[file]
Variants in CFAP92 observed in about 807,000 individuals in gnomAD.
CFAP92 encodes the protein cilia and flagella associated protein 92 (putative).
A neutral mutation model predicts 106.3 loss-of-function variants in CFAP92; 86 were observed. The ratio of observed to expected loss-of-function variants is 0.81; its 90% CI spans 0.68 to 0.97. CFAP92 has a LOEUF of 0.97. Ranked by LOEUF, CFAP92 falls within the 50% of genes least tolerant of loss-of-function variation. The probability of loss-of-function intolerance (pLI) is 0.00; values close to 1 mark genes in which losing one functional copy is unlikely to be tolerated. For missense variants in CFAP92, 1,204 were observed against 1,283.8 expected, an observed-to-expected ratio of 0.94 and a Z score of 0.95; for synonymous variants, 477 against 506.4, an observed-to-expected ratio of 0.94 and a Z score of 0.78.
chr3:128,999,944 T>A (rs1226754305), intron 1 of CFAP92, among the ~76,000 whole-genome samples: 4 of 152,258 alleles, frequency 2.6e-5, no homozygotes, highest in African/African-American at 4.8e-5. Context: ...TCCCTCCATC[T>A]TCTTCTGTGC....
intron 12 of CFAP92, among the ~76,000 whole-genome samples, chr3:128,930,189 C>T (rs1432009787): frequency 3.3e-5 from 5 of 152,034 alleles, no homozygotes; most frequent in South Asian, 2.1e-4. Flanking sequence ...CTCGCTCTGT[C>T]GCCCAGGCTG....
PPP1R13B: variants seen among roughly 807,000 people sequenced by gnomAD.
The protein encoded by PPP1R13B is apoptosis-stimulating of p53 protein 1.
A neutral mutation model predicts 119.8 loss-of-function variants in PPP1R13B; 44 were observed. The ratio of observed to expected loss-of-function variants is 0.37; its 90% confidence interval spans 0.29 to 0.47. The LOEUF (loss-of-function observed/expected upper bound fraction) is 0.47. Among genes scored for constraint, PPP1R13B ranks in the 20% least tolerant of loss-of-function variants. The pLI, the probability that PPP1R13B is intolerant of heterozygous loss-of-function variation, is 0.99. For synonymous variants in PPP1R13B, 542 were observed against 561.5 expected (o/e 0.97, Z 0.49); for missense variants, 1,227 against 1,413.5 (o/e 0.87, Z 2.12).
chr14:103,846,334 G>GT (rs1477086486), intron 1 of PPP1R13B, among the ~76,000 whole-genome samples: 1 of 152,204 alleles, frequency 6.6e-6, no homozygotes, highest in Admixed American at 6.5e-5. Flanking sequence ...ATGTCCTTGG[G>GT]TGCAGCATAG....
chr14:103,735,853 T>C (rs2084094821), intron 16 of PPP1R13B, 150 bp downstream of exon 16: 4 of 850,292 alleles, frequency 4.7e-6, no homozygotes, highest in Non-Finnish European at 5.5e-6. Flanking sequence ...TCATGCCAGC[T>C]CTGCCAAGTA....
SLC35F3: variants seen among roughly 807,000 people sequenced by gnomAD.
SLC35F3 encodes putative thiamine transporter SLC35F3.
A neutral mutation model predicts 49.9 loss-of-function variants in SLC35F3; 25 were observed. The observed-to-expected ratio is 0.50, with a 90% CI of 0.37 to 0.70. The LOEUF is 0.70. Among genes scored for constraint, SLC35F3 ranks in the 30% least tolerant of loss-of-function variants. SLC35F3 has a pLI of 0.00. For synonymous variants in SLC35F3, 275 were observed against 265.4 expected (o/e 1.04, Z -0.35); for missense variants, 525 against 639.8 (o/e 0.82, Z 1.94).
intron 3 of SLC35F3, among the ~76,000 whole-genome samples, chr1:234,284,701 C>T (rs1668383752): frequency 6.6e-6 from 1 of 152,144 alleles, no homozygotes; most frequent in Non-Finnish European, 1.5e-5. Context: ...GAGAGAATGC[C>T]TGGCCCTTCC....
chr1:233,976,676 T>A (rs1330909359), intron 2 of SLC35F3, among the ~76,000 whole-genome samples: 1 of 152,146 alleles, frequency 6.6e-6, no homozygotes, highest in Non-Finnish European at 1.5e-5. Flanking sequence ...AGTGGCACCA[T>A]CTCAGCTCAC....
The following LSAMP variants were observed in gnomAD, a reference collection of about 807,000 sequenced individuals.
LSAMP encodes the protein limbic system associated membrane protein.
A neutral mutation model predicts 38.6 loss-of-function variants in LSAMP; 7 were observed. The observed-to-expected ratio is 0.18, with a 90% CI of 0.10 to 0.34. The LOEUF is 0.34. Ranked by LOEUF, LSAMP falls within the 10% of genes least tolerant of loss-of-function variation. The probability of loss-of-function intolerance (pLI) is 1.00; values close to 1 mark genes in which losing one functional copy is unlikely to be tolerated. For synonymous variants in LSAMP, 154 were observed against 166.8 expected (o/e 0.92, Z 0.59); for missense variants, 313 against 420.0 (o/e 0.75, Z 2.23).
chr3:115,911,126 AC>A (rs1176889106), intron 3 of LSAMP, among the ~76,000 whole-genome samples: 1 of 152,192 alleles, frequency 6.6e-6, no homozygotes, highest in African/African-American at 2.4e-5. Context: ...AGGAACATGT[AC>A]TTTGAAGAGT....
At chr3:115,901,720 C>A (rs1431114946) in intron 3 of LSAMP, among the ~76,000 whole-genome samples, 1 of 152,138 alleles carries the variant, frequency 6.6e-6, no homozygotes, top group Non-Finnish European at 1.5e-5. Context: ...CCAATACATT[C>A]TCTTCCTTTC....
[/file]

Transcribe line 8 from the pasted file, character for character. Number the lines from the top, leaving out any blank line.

A neutral mutation model predicts 119.8 loss-of-function variants in PPP1R13B; 44 were observed. The ratio of observed to expected loss-of-function variants is 0.37; its 90% confidence interval spans 0.29 to 0.47. The LOEUF (loss-of-function observed/expected upper bound fraction) is 0.47. Among genes scored for constraint, PPP1R13B ranks in the 20% least tolerant of loss-of-function variants. The pLI, the probability that PPP1R13B is intolerant of heterozygous loss-of-function variation, is 0.99. For synonymous variants in PPP1R13B, 542 were observed against 561.5 expected (o/e 0.97, Z 0.49); for missense variants, 1,227 against 1,413.5 (o/e 0.87, Z 2.12).